NTI’s CD & DVD Maker software is an affordable way to copy DVDs and CDs, as well allowing some simple, although impressive editing and assemblage of prerecorded clips.
It’s aimed primarily at the hobbyist who wants to edit home camcorder movies and save them to recordable DVDs, in addition to producing audio compilation CDs and data backup CDs and DVDs.
It’s available in two flavors, a "Platinum" version that retails for $50, and a deluxe "Titanium" version that sells for an additional $30 more, and adds some user-friendly, but surprisingly sophisticated video editing software. It’s this latter version that we’re reviewing, which requires a PC with at least a 900MHz Pentium III processor and 256MB to use.
Easy To Use GUIs
The CD & DVD Maker 7’s graphical interface is handsome and easy to use. It resembles a silvery DVD, and its circular design places the production of data discs at the top of the circle, creating audio and video discs in the middle, and data backup at the base.
In addition to its ability to edit and create DVDs, the program can also create video slideshows of GIFs and JPEGs, copy discs, produce a variety of audio CDs (including discs of MP3s), as well as produce video CDs and super VCDs, in addition to full-blown DVDs.
Innocently lurking in the midst of all of those options is what is arguably the most powerful program in the suite, which NTI calls HomeVideo-Maker.
This is the suite’s video editing program, and there are some very nice features here, which the first- time DVD creator will probably find extremely useful.
Depending upon your source material though, it may take a little juggling to import it, if my experience was any indication. While the program can capture videos and edit Windows Media files with ease, editing files ripped from existing DVDs was another story. I ended up converting the VOB files of TV shows I had copied using my home theater Sony RDR-GX7 DVD recorder to an MPEG2 file. Otherwise, the Home Video-Maker program would only play eight seconds of the file (I tried multiple clips from various discs I had burnt, each with the same results. Not sure if it’s the machine or the software, but it definitely took some effort to find a workaround.)
Editing Features Easy to Learn
The HomeVideo-Maker’s interface is quite intuitive to learn and use and simple effects like wipes and dissolves are easy to create. It seems to automatically insert an audio fade-in and fade-out during these video transitions, whether you’d like or not, and there doesn’t seem to be a way to disable it. Also, even though our PC had a gigabyte of RAM and a 2.56GHz processor, occasionally, the audio would take a few moments longer than the video to load, particularly if viewing the middle of a long clip.
On the plus side, a very useful feature of the editing suite is its ability to create a .WAV file of a clip’s soundtrack, which can then be edited, cleaned up, burned to a separate audio CD, turned into a MP3 file for downloading, etc. It’s an easy to use feature for which there will be numerous uses.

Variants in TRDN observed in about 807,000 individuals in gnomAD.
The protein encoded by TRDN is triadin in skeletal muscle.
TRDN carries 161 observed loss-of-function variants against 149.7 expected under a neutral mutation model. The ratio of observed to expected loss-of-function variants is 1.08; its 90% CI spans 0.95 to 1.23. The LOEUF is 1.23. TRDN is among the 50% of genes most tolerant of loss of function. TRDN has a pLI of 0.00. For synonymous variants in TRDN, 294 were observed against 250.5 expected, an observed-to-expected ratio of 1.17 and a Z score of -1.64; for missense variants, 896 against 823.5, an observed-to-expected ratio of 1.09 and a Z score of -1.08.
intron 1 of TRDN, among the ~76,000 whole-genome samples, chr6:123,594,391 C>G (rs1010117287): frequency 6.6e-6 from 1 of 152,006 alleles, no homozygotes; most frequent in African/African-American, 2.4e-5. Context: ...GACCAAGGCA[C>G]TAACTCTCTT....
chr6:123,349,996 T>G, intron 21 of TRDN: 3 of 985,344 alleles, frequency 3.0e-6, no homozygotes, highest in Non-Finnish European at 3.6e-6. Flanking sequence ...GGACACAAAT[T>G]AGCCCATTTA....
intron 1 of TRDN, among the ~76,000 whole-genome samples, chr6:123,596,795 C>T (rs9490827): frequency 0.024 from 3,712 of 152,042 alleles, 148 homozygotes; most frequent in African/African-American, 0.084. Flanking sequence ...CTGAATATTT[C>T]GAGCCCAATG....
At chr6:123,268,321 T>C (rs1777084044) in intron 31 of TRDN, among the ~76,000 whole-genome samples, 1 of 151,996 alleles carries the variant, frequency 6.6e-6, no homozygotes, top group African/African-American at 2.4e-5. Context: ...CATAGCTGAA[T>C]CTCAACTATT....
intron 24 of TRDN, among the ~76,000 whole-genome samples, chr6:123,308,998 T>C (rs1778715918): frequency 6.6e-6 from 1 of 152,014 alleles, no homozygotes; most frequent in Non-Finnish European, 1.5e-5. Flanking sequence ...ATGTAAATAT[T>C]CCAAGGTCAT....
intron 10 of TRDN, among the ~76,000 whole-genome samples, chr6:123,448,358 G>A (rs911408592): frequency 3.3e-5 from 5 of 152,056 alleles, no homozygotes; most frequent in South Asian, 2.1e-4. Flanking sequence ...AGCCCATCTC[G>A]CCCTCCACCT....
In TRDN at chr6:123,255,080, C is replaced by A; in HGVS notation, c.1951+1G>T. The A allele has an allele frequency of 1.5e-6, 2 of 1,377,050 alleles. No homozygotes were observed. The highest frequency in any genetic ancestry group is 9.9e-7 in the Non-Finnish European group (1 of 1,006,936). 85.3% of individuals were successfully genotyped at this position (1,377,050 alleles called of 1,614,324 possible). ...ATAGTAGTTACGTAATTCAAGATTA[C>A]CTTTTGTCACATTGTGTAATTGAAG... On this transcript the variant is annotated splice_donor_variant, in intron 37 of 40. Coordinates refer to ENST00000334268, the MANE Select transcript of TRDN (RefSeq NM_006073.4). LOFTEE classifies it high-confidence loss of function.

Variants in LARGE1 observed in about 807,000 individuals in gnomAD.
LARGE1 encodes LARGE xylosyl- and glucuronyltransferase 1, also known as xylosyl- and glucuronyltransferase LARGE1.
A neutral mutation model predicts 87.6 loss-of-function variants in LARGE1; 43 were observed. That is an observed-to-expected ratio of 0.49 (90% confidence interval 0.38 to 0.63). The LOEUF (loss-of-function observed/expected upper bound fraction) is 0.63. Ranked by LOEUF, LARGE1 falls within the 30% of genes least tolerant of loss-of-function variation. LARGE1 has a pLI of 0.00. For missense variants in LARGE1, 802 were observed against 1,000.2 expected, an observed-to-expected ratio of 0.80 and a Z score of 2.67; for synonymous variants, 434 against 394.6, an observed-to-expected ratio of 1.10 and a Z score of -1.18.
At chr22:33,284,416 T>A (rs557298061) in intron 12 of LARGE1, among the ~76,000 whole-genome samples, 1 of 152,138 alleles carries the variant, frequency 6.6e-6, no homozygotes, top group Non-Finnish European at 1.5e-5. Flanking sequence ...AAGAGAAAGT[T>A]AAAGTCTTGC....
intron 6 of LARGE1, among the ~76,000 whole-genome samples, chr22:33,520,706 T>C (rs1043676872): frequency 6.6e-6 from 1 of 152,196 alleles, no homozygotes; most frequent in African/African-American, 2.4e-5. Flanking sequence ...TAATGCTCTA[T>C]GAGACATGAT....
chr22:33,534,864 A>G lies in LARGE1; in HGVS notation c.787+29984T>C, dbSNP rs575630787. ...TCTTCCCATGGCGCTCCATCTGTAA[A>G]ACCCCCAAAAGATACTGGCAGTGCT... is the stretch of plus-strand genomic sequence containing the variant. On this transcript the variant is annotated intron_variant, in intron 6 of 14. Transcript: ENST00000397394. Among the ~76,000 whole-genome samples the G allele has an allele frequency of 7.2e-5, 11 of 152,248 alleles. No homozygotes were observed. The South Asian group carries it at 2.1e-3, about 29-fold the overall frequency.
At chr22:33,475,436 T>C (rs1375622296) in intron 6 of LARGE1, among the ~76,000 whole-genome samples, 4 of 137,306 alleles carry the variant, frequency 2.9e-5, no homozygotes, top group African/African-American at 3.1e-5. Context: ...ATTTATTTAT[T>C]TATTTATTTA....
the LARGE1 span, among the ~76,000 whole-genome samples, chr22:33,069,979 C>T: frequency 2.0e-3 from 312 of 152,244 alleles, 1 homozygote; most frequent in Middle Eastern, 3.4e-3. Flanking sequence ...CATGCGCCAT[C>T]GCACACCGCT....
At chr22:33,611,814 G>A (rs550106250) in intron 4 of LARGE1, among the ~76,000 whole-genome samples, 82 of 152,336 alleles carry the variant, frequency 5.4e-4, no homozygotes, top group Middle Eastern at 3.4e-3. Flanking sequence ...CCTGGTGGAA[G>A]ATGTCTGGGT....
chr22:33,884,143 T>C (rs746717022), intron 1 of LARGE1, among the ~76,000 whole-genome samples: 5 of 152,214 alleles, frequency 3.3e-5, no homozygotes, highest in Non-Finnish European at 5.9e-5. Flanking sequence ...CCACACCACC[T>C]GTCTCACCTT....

Its ability to quickly insert chapters and create menus is very impressive. Chapter marks are easy and quick to make and then you can choose either that starting frame, another more memorable frame, or even moving thumbnail for the disc’s menu. Supplied menu templates run the gamut from cutesy Happy Birthday and Merry Christmas themes, to subtle minimalist backgrounds with a handsome animated sweep of light to add interest. If you want a different background, you can easily import a GIF or JPEG into the program.
If you’ve never used a video editing program before, there may be a bit of a learning curve, but it’s all pretty impressive stuff, particularly in a program that’s bundled in a suite, and after a while, it becomes intuitive, and quick and easy to use.
Once a project has been edited, chapters inserted, and menus created, a simple one-click routine burns it to disc, which takes anywhere from five to 15 minutes, depending upon the speed of your PC’s DVD burner, and the size of the disc you’ll be creating. I’d like to say, "which can then be viewed on any player", but, like any DVD authoring software, that depends on the medium your DVD burner accepts, and whether it’s compatible with your stand-alone players.
Could Be Just What A Budding Videographer Needs
NTI’s CD & DVD Maker 7 Titanium Suite does a variety of functions, and does most of them reasonably well. The key word in the title is "suite": obviously, there are more specialized (and more expensive) programs that allow much greater control over each aspect included. But for a very affordable price, NTI’s program could be just what the budding home videographer needs (ideally, along with a video capture card) to start converting camcorder tapes into DVDs.
Processor: Pentium III 900MHz or higher
Operating System: Windows 98SE, ME, 2000, or XP
Hard Disk: 500MB for typical installation 10GB workspace for copying/creating DVD discs
Graphics card: capable of 1024×768 and 16-bit color
Burner: NTI-supported CD or DVD recorders
Optional: AVI to MPEG Encoder Tool requires Microsoft DirectX Version 8.0 or above
Demo Version: 30 days
- Intuitive interface
- Good file backup module
Ed Driscoll is a freelance journalist who’s covered home theater and the media for the past decade.
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